On Edge: Performance at the End of the Twentieth Century

C. Carr, Author
C. Carr, Author Wesleyan University Press $25.95 (334p) ISBN 978-0-8195-6269-2
Reviewed on: 01/03/1994
Release date: 01/01/1994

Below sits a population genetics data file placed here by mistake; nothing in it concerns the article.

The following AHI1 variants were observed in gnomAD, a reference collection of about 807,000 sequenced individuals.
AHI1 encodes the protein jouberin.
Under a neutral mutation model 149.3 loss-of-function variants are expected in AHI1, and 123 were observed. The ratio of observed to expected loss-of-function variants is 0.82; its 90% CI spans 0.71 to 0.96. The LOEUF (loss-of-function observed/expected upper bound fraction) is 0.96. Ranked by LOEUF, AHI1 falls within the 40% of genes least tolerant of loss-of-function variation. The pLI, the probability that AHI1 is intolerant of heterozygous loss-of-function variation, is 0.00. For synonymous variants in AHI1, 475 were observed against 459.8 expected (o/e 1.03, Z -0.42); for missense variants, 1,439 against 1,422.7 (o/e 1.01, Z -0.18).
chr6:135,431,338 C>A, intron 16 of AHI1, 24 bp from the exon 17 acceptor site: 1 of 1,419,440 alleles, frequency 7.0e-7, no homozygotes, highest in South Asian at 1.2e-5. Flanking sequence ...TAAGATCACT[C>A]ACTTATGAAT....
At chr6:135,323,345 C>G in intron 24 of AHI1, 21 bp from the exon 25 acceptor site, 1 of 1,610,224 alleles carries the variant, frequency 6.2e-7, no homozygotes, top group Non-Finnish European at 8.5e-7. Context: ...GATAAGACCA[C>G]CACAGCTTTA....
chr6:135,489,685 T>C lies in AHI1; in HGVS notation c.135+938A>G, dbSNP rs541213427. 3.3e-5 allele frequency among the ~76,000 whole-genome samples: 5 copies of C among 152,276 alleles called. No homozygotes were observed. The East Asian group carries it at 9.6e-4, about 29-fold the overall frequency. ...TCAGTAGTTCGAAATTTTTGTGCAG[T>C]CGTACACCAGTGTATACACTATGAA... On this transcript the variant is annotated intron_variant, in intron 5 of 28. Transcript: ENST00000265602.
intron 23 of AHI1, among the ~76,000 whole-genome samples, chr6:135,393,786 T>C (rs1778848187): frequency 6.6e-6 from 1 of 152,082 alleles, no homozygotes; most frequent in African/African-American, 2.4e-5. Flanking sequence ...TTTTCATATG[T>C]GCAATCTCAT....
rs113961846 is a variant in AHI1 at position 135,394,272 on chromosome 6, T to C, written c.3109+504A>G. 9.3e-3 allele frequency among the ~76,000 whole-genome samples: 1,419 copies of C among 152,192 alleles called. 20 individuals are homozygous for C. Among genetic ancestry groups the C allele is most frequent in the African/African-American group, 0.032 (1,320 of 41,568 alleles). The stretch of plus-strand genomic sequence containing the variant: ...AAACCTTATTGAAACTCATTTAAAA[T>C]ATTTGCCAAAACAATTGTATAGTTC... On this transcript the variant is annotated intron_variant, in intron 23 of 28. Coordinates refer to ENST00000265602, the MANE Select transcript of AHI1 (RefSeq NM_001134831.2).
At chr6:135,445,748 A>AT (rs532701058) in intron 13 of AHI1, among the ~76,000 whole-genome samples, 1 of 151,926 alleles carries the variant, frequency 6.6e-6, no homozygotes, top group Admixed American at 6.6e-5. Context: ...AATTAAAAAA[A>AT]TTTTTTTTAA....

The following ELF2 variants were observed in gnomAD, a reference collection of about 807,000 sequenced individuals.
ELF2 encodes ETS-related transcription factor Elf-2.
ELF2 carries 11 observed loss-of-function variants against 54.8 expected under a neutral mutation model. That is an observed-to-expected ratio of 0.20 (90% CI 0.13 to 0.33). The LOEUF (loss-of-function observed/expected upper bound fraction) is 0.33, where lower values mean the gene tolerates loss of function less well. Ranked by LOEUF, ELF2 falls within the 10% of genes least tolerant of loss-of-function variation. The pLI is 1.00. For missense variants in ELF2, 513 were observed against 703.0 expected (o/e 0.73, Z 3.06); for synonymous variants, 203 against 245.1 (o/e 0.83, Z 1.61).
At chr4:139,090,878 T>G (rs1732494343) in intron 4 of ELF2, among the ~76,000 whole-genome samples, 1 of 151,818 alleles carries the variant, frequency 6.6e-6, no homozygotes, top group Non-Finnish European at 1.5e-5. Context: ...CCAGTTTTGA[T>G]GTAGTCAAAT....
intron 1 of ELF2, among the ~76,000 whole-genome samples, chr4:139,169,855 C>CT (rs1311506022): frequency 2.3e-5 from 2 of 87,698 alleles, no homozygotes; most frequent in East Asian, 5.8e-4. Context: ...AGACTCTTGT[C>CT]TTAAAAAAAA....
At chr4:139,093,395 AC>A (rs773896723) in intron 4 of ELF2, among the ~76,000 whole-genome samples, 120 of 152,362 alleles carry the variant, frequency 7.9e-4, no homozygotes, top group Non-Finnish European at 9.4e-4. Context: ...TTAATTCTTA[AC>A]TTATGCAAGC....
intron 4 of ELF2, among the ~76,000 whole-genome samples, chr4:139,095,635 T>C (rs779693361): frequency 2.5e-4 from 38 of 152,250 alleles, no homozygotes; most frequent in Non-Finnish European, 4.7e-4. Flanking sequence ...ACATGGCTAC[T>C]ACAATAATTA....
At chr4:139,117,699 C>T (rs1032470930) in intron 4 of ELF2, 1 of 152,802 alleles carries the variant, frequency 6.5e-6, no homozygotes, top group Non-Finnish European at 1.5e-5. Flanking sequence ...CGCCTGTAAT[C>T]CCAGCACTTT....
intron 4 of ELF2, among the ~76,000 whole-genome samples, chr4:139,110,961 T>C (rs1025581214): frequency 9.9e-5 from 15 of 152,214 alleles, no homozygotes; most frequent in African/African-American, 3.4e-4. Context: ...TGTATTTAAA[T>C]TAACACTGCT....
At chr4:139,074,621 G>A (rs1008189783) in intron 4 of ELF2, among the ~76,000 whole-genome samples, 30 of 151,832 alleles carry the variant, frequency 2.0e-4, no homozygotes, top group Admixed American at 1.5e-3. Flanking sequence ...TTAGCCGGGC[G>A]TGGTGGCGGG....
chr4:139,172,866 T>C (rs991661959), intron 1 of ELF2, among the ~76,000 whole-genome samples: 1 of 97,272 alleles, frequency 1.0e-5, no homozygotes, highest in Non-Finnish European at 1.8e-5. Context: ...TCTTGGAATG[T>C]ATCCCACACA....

Since 1984, Village Voice critic Carr has chronicled the work of artists in that amorphous territory called ``performance art.'' Though some of these 58 essays have gone stale, most convey spirited descriptions and sensitive defenses of obscure or much-maligned avant-gardists. She observes Holly Hughes and Carmelita Tropicana bra-zenly presenting politically incorrect lesbian theater, finds dragster Ethyl Eichelberger transmuting Shakespeare into Leer and notes how Chris Burden's apparent masochism (having himself crucified on top of a Volkswagen) forces the audience to confront iconographies of power. Foul-mouthed, food-smearing Karen Finley is, to Carr, an example of a shattered persona, ``a self unable to put a face on things,'' while ``feminist porn activist'' Annie Sprinkle, allowing audiences to peer at her cervix, suggests a ``supernakedness'' that restores her power. Carr's best work takes on the critics of Finley and Robert Mapplethorpe, skewering Rev. Donald Wildmon and the would-be censors in Cincinnati. In an epilogue, Carr suggests the bohemian tradition has been energized as well as fractured by the advent of multiculturalism. Photos not seen by PW. (Jan.)